Quitting Multiplayer Games

If a player leaves a multi-player game in progress, the computer AI will take over for that player. However, the person creating the game (the host) must stay on-line until the game is over.

The host may quit as a player (allowing the computer AI to take over), but stay connected as the server machine. If the person creating the game quits, all other windows will be closed and the following window will come up:


  • J Byarian
  • Dave Thielen


Petoe Player j Pause Game j f~ Accepts new piasssts m... I

This window will also come up if you create a game with no human player. You can also access this window from the file dialog if you are the server.

Delete Player will delete the selected player. You cannot delete yourself (that self-esteem problem again) or any computer player. If you delete a player the person playing will be dropped from the game and the AI will take over that player.

Pause Game will, you guessed it, pause the game. File will bring up the file dialog.

Minimize will minimize Enemy Nations. This is useful if you've been killed but are still hosting. You can then get back to other things that are less important than playing Enemy Nations.

You can change whether or not to accept new players and the password at any time.

If the host wishes to disconnect altogether, another player must save the game, quit, and then start again by loading the game.

Any player can save the game at any time.


IServe is short for Internet Server. IServe is a means to let players find each other over the Internet without having to know each others IP address, or even that the other is there.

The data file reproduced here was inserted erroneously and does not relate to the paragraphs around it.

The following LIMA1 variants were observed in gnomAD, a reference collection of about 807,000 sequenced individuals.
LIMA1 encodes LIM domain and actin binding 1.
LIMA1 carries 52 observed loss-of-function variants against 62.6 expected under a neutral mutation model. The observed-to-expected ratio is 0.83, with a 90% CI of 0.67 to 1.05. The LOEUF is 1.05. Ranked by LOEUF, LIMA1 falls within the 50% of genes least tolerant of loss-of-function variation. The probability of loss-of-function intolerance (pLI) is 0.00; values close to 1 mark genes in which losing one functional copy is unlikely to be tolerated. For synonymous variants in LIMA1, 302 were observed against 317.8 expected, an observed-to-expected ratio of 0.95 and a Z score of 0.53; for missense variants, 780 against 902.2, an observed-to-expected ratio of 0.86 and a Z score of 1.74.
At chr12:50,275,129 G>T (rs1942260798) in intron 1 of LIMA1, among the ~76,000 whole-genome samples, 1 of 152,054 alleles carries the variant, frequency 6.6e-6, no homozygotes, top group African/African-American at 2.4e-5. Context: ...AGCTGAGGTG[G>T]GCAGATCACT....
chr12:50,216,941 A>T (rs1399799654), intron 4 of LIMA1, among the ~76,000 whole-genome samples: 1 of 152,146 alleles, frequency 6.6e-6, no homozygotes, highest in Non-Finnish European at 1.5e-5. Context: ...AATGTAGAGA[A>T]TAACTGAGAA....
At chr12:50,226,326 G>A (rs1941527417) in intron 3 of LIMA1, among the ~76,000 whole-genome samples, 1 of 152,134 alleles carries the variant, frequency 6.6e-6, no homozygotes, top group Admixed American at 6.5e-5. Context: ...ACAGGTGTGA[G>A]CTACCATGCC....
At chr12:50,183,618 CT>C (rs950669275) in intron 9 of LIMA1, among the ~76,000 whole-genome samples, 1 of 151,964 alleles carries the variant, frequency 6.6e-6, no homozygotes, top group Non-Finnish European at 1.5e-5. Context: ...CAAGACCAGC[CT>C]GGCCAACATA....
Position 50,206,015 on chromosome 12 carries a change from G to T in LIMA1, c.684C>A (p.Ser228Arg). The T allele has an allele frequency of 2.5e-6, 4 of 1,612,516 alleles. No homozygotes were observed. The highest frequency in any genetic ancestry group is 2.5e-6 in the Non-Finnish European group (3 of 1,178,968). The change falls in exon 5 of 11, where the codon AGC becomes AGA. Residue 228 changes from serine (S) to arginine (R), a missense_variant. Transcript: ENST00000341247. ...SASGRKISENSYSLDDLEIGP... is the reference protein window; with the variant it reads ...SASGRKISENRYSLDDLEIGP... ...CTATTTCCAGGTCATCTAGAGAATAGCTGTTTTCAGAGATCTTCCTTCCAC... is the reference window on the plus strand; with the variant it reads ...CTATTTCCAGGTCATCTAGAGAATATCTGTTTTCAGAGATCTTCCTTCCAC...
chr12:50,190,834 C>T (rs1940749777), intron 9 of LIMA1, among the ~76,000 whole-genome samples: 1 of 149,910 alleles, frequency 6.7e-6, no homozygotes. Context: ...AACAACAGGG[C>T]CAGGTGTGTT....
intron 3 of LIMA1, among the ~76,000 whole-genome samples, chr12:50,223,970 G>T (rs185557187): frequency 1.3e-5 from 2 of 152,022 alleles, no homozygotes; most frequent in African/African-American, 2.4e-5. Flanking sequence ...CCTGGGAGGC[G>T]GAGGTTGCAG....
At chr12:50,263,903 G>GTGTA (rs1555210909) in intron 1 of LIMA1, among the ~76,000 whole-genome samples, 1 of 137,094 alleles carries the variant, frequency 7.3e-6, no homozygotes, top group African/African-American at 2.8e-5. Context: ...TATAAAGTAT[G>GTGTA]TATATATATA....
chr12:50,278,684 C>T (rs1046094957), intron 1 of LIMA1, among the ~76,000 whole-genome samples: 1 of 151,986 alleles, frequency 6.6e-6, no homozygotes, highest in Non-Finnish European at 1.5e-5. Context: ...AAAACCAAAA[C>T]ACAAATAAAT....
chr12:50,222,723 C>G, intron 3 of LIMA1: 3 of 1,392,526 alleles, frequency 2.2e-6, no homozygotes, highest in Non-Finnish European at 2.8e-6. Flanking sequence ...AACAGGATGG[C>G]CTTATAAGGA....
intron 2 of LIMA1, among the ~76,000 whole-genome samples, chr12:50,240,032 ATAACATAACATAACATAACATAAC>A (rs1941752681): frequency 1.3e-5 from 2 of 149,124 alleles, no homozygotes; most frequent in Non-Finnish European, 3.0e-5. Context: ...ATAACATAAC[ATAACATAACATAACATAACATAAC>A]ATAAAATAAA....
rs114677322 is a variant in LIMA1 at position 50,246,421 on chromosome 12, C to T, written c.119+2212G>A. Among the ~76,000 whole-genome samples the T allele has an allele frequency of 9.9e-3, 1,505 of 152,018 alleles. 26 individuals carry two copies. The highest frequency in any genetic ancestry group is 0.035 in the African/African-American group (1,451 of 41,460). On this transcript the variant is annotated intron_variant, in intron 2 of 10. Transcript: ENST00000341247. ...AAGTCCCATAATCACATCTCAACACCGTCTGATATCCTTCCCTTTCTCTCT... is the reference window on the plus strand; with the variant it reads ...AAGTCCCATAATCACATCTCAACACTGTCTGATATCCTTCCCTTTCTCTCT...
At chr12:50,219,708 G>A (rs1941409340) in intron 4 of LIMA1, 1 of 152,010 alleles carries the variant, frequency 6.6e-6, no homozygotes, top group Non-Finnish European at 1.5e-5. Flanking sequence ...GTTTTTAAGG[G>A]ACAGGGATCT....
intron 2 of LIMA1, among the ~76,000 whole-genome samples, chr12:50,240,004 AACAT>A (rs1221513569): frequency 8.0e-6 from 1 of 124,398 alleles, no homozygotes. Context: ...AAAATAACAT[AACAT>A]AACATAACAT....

Note: IServe should also work on an IPX network if run on a server. However, since most MIS managers probably won't allow IServe to be run on a server, it has not been tested thoroughly and is not supported for IPX. We have IServe running on our server windward.net. However, we have included IServe with the product for people who are either on a network that is not connected to the Internet or is behind a firewall.

All that you need to do is run IServe on any computer on the network. When you run it you will see the following;

iserve: 0

fiitfi. fiptiom... Help

Name: jzazoo. windward net

Addiess: }208 206.183.131:0,1707

Socket: ยก1707

Name is the server name that players should put in their advanced settings for TCP/IP (see below). Socket is the socket setting they should use.

Note: Socket 1707 is assigned to Windward Studios for IServe. You should use this value because any other value may conflict with other applications.

The list box in the bottom half will list games presently available to join. The caption will list how many games presently exist.

Once a game starts IServe is no longer used. It exists merely to help people join games. Therefore the network traffic to IServe is minimal and has no affect on playing the game.

There are a few options in IServe. You usually don't need to set any so they are only documented in the on-line help.


Network protocols are still a giant pain in the ass. The software is not easy to configure or use and the interface is designed for network gums. So don't feel bad if you don't understand exactly how your network works.

Troubleshooting any protocol consists of two steps. Step I is to determine if the connection is good. Step two is to determine why Enemy Nations isn't working on a good connection. (Most of the time the problem is Step 1 but unfortunately Step 2 is also occasionally a problem.)

In this section we will go through each protocol and discuss the advanced settings and troubleshooting that protocol.


The advanced settings in TCP/IP looks like this:

TCP/IP Advanced Settings

Sttvet IP Address: Jvjjndward.net iP Socket

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